I do agree with you that the minimum monthly wage in Jakarta (around USD 150 per month last time I checked?) is cheaper than a Fred Perry shirt, but do remember that income gap in Jakarta is HUGE. On the lowest end of the spectrum we've got the slum-dwelling pariahs who earn less than USD 2 a day, and on the next level comes blue-collar workers and housemaids earning USD 90 - USD 150. But, the next step on the ladder are middle class Indonesians who earn USD 300 - 400 per month. Then SUDDENLY comes the upper middle class (like myself) who can earn anywhere between USD 3,000 - 10,000 per month, then comes the veritable 'rich' who earns more than USD 10,000 per month.

    The so-called super rich are people like multinational CEOs, corrupt officials, and judging from the number of USD 5-million diamond rings and insane amount of sports car they flash on daily basis, I'd say celebrity lawyers too...and it's safe to say that they earn at LEAST USD 1,000,000 per month.

    ...and THEN, finally, we get to the so-called 'ultra rich'...Indonesians who earn unspeakable amount of money. We're talking about the top 100 richest people in Indonesia like the Bakries, the Tanotos, the Poos, the Tanoesoedibjos, the Widjajas, the Hartonos, etc. You know, people who are worth at least 5 billion USD per head. The top 0.00004% of the Indonesian population in terms of wealth. Now THOSE people can appropriately be called the 'ultra rich'!!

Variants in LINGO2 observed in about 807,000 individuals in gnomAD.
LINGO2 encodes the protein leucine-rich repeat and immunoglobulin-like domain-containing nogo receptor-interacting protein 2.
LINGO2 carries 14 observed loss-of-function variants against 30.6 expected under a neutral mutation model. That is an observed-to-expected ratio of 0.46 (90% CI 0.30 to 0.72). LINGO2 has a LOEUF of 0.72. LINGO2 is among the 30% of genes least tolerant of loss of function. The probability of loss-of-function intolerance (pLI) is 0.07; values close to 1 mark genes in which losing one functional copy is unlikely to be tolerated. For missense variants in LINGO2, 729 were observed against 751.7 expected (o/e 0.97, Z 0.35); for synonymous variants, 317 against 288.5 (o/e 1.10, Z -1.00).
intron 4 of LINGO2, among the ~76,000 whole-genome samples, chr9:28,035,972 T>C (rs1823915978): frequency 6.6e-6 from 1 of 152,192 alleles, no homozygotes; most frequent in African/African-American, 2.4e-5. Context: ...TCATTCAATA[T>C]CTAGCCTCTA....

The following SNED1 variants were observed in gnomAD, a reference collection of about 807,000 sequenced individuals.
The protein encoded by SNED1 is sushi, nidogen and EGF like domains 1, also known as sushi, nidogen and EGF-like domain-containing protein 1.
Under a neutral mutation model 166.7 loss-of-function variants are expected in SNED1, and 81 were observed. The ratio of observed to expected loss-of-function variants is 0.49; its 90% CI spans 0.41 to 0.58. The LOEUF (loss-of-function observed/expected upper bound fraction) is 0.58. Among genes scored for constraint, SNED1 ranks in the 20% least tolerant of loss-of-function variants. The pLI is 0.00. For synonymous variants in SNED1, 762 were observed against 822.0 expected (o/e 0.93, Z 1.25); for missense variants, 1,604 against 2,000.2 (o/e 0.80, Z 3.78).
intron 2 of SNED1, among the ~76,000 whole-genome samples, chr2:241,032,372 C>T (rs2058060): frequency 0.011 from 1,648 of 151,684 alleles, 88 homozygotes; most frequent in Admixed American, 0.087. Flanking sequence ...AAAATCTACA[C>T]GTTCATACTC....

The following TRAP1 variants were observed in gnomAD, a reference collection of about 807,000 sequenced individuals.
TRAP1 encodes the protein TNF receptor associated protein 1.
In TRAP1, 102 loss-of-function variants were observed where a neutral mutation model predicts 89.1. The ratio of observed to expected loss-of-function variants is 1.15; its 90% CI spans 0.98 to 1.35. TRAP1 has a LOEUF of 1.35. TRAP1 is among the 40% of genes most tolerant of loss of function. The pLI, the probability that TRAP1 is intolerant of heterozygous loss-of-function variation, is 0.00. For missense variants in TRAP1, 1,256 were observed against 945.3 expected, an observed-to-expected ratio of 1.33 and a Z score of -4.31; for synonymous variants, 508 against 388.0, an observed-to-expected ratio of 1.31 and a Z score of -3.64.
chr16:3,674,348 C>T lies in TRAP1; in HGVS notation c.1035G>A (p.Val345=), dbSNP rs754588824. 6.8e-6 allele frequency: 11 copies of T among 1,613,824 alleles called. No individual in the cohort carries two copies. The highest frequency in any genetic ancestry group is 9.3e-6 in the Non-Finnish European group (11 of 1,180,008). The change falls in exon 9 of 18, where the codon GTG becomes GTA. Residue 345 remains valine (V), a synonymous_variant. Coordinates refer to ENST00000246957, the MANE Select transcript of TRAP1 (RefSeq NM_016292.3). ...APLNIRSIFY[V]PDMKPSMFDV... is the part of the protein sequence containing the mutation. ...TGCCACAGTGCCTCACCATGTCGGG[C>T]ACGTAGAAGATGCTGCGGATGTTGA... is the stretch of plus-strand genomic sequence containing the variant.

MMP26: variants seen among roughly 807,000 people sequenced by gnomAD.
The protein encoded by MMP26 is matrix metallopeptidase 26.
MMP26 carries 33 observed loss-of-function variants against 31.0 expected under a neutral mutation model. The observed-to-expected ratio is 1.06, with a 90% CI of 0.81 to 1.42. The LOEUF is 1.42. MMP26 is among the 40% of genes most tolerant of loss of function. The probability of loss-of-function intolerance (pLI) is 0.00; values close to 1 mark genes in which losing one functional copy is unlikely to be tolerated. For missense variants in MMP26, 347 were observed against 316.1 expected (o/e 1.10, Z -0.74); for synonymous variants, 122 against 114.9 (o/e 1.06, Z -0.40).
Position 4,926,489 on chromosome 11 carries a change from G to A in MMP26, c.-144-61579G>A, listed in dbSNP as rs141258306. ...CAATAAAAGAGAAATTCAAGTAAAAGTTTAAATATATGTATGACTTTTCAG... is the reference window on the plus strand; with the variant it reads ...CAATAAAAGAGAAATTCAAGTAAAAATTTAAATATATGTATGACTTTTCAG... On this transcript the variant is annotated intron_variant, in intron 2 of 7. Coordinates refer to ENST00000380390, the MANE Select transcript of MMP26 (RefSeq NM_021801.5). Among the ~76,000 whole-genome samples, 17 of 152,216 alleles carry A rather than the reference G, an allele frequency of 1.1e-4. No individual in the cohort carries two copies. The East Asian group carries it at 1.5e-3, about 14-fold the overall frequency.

In conclusion, I'm not disagreeing with you that Fred Perry is expensive for MOST Indonesians, but I disagree with the notion that only the ultra-rich in Indonesia can afford Fred Perry (or, as you put it, Fred Perry shirts are aimed towards the ultra-rich). That is simply not true. Upper-middle class Jakartan can afford Fred Perry shirts with relative ease. I'm a living proof.

    Indonesia might be poor to you first-world folks but bear in mind that rich Indonesians are just as rich as rich people in first-world countries.

    Now let me ask you this: in the UK, is it true that only the ultra rich people can afford Fred Perry shirts? If the answer is NO, the same thing can be said for Indonesia. Again, rich Indonesians are just as rich as rich British.

    Maybe there's a simple solution to our differences in opinion: you should really consider changing the term "ultra rich" to just "rich". Because clearly, sir, you're misusing the word "ultra rich" and seem to have a misguided understanding about what "ultra rich" really means in REAL terms.